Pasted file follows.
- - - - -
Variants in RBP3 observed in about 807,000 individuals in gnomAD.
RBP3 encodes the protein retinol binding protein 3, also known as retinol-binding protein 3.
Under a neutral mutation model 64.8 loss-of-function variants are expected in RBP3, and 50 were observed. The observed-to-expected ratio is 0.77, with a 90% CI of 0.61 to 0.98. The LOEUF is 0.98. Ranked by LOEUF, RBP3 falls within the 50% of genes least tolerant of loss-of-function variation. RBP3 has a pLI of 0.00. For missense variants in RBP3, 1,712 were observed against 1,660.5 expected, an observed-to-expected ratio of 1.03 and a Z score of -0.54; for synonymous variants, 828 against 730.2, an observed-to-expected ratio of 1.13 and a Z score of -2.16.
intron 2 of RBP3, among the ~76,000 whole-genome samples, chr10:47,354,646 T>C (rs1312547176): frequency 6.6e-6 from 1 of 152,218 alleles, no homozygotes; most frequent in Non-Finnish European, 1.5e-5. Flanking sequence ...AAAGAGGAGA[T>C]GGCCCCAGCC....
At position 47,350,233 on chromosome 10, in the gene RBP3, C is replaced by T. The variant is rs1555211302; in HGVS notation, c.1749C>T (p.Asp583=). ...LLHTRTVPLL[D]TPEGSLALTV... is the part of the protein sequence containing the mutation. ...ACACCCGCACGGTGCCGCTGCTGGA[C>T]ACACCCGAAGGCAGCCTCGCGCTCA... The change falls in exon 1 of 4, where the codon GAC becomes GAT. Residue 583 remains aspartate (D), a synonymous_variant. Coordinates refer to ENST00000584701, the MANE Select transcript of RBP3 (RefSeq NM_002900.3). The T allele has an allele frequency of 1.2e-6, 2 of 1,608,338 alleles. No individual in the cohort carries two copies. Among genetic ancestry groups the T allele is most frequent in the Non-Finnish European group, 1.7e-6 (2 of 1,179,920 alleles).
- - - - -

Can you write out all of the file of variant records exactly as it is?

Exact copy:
Variants in RBP3 observed in about 807,000 individuals in gnomAD.
RBP3 encodes the protein retinol binding protein 3, also known as retinol-binding protein 3.
Under a neutral mutation model 64.8 loss-of-function variants are expected in RBP3, and 50 were observed. The observed-to-expected ratio is 0.77, with a 90% CI of 0.61 to 0.98. The LOEUF is 0.98. Ranked by LOEUF, RBP3 falls within the 50% of genes least tolerant of loss-of-function variation. RBP3 has a pLI of 0.00. For missense variants in RBP3, 1,712 were observed against 1,660.5 expected, an observed-to-expected ratio of 1.03 and a Z score of -0.54; for synonymous variants, 828 against 730.2, an observed-to-expected ratio of 1.13 and a Z score of -2.16.
intron 2 of RBP3, among the ~76,000 whole-genome samples, chr10:47,354,646 T>C (rs1312547176): frequency 6.6e-6 from 1 of 152,218 alleles, no homozygotes; most frequent in Non-Finnish European, 1.5e-5. Flanking sequence ...AAAGAGGAGA[T>C]GGCCCCAGCC....
At position 47,350,233 on chromosome 10, in the gene RBP3, C is replaced by T. The variant is rs1555211302; in HGVS notation, c.1749C>T (p.Asp583=). ...LLHTRTVPLL[D]TPEGSLALTV... is the part of the protein sequence containing the mutation. ...ACACCCGCACGGTGCCGCTGCTGGA[C>T]ACACCCGAAGGCAGCCTCGCGCTCA... The change falls in exon 1 of 4, where the codon GAC becomes GAT. Residue 583 remains aspartate (D), a synonymous_variant. Coordinates refer to ENST00000584701, the MANE Select transcript of RBP3 (RefSeq NM_002900.3). The T allele has an allele frequency of 1.2e-6, 2 of 1,608,338 alleles. No individual in the cohort carries two copies. Among genetic ancestry groups the T allele is most frequent in the Non-Finnish European group, 1.7e-6 (2 of 1,179,920 alleles).